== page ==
Every week, The Uniter brings readers regular arts reviews with a Winnipeg focus. Whether examining film, theatre, fine art or literature, the paper tries to offer arts criticism examining something that Winnipeggers can actually go out and experience in any given week.
But what about what Winnipeggers experience when they’re not enjoying local art? What about the day-to-day aspects of Winnipeg that its denizens engage with? For the Urban Issue, The Uniter is reviewing facets of Winnipeg itself.
When it comes to navigating the streets of Winnipeg, things are fairly simple. The city has its odd quirks, like giving eight names to one street (Salter Street / Isabel Street / Balmoral Street / Colony Street / Memorial Boulevard / Osborne Street / Dunkirk Drive / Dakota Street) gives new meaning to the expression “a bit much.”
But ultimately, it’s a hard city to get lost in, with enough main thoroughfares that even the most disoriented traveller will eventually hit one and reorient themselves.
Congestion, especially on those thoroughfares, is another matter. Portage Avenue, for example, rarely gets better than “inconvenient” during daylight hours. Rush hour, construction and weather variables make driving between 7 and 9 a.m. or 4 and 6 p.m. a near guarantee for idling, headaches and time wasting.
The congestion makes things worse not just for drivers, but for cyclists as well. Traffic congestion puts extra stress on Winnipeg’s already inadequate bike infrastructure, forcing local cyclists to ride even closer to automotive traffic than they do at the best of times.
Fortunately, there are mitigating factors. Specifically, CBC Radio’s traffic reporter Trevor Dineen is an invaluable resource for any daily commuter. His traffic updates, either on the airwaves or through his sassy Twitter posts, are as much a part of the local traffic climate as the wind is part of the weather.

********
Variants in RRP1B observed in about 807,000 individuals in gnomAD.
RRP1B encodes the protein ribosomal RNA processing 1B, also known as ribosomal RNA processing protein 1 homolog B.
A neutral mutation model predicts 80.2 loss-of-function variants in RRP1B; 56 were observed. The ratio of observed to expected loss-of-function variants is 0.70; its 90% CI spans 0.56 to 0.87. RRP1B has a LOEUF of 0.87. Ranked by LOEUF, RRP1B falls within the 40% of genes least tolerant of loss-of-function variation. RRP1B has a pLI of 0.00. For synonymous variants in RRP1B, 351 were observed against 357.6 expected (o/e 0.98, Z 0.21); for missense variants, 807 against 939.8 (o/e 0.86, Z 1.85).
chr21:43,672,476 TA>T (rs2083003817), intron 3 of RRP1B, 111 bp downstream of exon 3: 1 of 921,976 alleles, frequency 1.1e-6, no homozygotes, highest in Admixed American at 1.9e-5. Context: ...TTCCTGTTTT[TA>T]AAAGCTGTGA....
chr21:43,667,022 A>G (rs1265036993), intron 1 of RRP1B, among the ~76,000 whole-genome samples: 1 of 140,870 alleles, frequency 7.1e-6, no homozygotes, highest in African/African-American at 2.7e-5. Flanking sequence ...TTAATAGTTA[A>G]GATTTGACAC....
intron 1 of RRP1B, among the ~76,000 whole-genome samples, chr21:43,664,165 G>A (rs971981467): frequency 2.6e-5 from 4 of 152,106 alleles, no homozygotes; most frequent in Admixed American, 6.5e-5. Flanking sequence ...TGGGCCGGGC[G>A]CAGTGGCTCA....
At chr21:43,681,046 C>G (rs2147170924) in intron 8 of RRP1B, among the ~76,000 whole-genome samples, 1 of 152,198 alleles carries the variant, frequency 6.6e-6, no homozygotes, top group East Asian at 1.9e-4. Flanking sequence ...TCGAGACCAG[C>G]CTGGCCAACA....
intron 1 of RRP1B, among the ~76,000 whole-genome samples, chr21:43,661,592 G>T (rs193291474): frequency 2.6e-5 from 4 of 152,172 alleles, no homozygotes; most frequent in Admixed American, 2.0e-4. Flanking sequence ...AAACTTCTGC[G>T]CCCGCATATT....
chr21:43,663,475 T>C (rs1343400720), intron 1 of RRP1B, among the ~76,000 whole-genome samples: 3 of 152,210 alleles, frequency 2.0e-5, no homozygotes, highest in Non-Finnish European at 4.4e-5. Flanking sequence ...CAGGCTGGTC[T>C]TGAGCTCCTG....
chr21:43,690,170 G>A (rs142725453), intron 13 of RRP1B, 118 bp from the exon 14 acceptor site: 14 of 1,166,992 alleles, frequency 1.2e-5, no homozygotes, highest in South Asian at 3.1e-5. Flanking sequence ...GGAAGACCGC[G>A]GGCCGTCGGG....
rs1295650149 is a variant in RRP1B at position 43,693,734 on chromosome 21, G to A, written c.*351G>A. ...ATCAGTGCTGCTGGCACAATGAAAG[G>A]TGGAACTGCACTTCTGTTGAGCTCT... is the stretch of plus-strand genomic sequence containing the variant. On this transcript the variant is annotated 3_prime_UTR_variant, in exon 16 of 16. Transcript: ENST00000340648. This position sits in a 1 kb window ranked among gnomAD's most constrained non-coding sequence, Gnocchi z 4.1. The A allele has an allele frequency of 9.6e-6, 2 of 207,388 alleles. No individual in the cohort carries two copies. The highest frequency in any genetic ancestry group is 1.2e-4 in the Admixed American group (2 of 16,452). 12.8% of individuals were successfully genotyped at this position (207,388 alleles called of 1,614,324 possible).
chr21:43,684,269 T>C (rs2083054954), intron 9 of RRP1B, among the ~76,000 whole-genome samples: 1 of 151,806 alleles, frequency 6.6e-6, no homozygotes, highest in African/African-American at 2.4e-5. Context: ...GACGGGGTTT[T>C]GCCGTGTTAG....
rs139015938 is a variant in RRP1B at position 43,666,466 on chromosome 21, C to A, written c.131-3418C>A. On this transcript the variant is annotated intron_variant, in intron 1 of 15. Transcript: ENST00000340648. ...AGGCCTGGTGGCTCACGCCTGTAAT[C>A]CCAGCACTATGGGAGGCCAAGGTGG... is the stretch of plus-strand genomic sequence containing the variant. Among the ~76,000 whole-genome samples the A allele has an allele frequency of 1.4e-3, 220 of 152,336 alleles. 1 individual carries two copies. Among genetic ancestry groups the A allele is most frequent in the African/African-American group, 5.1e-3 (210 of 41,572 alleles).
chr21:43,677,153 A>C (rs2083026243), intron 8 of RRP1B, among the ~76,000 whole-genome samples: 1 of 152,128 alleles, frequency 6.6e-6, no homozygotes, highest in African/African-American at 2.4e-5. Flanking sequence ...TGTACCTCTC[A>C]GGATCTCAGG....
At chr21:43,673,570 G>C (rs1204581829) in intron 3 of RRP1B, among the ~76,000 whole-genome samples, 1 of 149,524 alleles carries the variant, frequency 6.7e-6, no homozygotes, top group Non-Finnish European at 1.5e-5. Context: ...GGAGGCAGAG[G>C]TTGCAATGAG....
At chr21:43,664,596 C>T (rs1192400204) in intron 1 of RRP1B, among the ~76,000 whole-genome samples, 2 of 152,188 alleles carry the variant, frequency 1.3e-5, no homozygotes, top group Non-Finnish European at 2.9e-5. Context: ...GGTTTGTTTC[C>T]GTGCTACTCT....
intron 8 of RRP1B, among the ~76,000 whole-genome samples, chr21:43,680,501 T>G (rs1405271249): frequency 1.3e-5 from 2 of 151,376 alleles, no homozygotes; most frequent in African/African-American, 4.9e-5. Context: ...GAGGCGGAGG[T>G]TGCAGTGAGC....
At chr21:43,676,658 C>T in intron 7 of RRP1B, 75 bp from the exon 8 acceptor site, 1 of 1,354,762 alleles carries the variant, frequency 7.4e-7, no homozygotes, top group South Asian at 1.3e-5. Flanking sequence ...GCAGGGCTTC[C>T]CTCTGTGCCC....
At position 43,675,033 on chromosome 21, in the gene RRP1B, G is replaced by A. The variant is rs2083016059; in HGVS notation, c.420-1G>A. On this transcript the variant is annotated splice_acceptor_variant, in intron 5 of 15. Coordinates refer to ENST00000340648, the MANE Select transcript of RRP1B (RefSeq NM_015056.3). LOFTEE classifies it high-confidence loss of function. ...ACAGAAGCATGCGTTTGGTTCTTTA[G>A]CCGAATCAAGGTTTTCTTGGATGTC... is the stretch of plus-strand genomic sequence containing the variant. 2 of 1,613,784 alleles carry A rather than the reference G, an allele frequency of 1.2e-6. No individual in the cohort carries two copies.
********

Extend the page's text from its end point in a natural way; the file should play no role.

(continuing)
There are good things to say about Winnipeg’s public transit system. It is, at the very least, a functioning transit system. Despite all its flaws, the reality is there is some affordable form of transport for non-drivers. However, those flaws are many, and they run deep.
Impossibly, Winnipeg’s transit service seems to have gotten worse, not better, with time. Toronto’s vastly superior system relies heavily on electric streetcars, which have been in use since 1892. Winnipeg abandoned its electric streetcars (introduced in 1891) in 1955 in favour of our current system, which exclusively uses diesel buses.
That system is unreliable (every bus rider has wasted time waiting for a late bus) and unnecessarily complicated. Daily users who have their routes memorized do fine, but planning spontaneous travel on the fly is a different story, especially for Winnipeggers who lack access to mobile data, without which planning and scheduling trips is nearly impossible.
Services also end no later than 2 a.m., which is a major hassle for night owls and weekend nights. It’s an especially odd choice, considering that service starts up again at 5:30 a.m. How much money does that three-and-a-half hours really save?
Winnipeg has debated adding a superior light rail or subway system since at least 1959. With the global trend moving away from individual car ownership, here’s hoping Winnipeg reignites this debate and enters the 21st century.